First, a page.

Gothic death 1740–1914

A literary history

Author:
Andrew Smith
Search for other papers by Andrew Smith in
Current site
Google Scholar
PubMed
Close

The focus in this book is on how the dead and dying were represented in Gothic texts between 1740 and 1914 - between Graveyard poetry and the mass death occasioned by the First World War. The corpse might seem to have an obvious place in the Gothic imaginary but, as we shall see, the corpse so often refuses to function as a formal Gothic prop and in order to understand why this occurs we need to explore what the corpse figuratively represented in the Gothic during the long nineteenth century. Representations of death often provide a vehicle for other contemplations than just death. A central aim of this study is to explore how images of death and dying were closely linked to models of creativity, which argues for a new way of looking at aesthetics during the period. Writers explored include Edward Young, Ann Radcliffe, Mary Shelley, James Boaden, Edgar Allan Poe, Emily Brontë, George Eliot, Henry Rider Haggard, Bram Stoker and Arthur Machen.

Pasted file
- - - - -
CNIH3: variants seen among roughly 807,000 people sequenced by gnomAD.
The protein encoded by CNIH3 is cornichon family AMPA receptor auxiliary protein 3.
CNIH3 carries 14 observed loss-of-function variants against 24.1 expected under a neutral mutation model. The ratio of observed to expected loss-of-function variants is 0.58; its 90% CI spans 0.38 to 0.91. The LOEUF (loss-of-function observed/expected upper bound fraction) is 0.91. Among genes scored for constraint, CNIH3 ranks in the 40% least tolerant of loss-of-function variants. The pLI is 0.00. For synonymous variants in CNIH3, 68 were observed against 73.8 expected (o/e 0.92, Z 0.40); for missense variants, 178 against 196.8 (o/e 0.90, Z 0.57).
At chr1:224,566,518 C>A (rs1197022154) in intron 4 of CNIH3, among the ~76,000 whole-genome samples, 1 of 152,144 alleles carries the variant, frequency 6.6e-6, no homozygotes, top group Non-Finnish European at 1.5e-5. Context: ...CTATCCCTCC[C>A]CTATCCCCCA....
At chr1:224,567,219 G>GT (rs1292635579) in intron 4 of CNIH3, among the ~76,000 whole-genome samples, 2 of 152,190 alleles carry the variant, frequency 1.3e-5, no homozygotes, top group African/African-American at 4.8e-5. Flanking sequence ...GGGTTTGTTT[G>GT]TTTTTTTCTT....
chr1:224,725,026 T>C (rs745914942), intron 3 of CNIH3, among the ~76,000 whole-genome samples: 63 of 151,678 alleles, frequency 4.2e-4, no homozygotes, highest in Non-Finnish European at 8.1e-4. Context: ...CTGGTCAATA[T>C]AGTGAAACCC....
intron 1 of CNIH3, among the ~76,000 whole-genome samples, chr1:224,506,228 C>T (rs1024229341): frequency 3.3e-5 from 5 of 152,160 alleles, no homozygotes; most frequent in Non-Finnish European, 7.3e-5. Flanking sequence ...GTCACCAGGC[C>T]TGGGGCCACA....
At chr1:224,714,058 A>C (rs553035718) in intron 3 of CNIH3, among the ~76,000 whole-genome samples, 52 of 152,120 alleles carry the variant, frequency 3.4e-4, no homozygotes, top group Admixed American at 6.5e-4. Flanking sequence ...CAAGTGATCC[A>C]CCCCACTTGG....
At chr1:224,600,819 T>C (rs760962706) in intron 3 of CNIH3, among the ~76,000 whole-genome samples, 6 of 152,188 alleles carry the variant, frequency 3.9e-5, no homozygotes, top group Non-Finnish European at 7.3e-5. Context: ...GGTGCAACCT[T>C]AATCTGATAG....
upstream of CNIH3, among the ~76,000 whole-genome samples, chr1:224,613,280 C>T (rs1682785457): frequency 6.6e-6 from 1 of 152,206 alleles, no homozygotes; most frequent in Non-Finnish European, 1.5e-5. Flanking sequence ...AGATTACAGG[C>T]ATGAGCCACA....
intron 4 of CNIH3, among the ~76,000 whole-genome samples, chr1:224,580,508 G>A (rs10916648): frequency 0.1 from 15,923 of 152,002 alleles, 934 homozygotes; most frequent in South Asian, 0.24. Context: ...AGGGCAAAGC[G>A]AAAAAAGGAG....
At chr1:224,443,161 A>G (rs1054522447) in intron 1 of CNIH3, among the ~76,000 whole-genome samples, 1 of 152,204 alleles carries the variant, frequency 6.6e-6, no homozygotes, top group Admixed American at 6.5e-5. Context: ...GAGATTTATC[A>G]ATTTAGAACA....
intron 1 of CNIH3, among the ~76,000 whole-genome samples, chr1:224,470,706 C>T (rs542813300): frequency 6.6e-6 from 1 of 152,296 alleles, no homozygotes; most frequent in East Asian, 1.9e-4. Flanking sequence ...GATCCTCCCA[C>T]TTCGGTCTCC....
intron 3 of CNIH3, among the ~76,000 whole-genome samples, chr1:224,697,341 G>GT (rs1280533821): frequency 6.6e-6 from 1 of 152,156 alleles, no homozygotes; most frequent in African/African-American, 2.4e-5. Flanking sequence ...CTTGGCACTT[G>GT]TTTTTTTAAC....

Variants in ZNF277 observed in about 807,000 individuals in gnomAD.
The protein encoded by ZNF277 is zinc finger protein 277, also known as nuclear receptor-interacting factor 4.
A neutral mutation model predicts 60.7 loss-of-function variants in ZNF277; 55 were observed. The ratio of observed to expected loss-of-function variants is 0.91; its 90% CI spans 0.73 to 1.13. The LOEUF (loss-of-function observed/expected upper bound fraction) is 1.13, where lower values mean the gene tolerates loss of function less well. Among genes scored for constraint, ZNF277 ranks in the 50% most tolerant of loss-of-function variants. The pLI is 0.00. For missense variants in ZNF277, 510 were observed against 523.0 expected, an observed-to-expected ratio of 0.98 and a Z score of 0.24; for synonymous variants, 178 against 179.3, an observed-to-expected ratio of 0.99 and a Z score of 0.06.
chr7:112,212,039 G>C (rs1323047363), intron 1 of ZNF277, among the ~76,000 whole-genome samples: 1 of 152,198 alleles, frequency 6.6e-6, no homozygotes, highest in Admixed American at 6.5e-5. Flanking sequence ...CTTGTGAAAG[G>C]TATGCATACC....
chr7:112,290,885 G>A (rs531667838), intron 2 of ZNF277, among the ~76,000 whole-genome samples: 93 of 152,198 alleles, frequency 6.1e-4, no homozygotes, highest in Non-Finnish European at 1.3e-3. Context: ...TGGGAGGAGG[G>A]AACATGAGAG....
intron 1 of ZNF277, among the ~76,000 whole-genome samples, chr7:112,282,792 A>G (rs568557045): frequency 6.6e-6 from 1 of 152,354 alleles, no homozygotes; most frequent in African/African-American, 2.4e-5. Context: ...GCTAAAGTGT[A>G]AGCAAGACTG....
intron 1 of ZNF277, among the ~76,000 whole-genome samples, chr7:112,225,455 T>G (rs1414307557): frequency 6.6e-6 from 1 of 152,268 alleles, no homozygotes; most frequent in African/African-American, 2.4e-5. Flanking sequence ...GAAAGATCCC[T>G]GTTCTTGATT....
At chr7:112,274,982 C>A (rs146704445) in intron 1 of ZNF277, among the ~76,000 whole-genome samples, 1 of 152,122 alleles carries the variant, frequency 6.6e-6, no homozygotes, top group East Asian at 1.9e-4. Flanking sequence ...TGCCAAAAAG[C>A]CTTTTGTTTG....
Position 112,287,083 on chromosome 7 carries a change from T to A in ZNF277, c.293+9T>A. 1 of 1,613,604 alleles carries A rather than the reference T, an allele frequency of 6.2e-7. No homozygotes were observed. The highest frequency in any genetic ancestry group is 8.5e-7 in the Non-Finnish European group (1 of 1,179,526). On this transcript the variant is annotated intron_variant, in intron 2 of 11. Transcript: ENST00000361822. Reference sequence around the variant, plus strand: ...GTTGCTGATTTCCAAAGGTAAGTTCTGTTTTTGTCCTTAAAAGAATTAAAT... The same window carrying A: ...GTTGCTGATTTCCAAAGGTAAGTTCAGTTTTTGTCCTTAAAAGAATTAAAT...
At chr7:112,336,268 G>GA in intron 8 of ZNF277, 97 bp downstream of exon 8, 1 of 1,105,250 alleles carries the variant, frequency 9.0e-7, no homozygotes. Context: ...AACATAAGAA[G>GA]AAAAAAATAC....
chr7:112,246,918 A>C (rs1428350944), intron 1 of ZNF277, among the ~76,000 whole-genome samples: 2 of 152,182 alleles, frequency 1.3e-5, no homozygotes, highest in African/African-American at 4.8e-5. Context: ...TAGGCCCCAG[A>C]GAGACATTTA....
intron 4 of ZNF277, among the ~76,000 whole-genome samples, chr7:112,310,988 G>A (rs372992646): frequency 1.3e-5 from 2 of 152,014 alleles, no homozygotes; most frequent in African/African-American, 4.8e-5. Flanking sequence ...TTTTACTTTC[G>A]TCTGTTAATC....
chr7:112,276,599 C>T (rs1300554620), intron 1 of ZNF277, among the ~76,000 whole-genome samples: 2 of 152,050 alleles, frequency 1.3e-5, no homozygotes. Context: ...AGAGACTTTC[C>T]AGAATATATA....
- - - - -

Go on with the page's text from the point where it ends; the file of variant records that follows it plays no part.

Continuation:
Abstract only
Log-in for full text
  • Collapse
  • Expand

All of MUP's digital content including Open Access books and journals is now available on manchesterhive.

 

    • Full book download (HTML)
    • Full book download (PDF with hyperlinks)
All Time Past Year Past 30 Days
Abstract Views 2735 1344 115
Full Text Views 1982 376 9
PDF Downloads 1424 198 12